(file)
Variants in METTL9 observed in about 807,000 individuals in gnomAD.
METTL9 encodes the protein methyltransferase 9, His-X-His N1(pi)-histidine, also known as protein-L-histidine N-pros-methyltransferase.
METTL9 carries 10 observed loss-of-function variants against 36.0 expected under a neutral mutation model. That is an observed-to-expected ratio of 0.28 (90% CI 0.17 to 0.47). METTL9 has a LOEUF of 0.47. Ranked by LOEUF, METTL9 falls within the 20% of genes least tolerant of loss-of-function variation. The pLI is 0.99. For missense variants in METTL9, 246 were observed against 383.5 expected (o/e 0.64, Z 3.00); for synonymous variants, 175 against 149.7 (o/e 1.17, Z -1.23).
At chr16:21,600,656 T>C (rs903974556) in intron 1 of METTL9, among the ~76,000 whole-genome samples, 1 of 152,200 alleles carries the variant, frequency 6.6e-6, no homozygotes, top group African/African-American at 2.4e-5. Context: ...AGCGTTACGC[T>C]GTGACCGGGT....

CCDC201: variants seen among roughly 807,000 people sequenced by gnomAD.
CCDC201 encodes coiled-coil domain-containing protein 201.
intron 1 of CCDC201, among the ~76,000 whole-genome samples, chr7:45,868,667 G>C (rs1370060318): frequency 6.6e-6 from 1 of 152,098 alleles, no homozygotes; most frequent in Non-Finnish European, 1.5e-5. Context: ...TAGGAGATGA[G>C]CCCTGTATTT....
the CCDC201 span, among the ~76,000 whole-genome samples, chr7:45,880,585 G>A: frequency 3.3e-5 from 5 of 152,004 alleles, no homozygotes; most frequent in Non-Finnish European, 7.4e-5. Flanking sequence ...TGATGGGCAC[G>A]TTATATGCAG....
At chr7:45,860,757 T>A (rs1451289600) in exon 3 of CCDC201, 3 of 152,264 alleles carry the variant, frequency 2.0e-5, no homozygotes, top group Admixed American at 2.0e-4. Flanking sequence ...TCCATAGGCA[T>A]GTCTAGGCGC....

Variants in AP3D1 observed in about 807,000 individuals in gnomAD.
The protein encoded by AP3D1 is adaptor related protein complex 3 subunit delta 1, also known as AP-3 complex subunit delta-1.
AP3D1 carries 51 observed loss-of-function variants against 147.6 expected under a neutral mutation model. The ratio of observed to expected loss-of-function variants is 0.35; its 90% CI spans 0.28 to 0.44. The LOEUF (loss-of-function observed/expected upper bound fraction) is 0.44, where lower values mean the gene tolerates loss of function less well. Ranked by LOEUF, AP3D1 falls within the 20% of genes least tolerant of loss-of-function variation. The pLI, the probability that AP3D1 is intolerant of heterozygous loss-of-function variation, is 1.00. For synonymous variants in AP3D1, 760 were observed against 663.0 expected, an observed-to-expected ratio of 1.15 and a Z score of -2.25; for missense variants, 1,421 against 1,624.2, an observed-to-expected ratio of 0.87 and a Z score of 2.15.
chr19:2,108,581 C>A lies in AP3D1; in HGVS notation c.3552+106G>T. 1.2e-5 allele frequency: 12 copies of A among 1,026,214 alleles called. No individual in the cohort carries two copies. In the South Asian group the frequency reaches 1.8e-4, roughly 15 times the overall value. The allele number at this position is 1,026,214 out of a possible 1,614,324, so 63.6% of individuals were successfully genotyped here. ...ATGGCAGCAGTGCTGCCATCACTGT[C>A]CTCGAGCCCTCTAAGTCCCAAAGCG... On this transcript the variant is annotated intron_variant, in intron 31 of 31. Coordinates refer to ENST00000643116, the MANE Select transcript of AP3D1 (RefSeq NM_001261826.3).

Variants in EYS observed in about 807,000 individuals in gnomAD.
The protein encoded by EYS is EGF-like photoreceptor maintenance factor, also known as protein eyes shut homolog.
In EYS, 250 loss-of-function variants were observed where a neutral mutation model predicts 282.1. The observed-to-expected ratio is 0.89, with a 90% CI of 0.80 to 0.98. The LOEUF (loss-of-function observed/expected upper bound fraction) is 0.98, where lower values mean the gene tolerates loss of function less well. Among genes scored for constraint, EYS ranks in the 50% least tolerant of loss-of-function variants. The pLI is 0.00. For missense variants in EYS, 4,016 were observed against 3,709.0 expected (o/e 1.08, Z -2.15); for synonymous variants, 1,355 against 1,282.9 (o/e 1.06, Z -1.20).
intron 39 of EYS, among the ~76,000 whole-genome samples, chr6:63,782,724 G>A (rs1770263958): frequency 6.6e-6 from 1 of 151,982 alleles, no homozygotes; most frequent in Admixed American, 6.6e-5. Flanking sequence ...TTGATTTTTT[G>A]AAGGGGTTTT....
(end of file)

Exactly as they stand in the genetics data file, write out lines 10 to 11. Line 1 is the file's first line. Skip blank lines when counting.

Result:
Variants in AP3D1 observed in about 807,000 individuals in gnomAD.
The protein encoded by AP3D1 is adaptor related protein complex 3 subunit delta 1, also known as AP-3 complex subunit delta-1.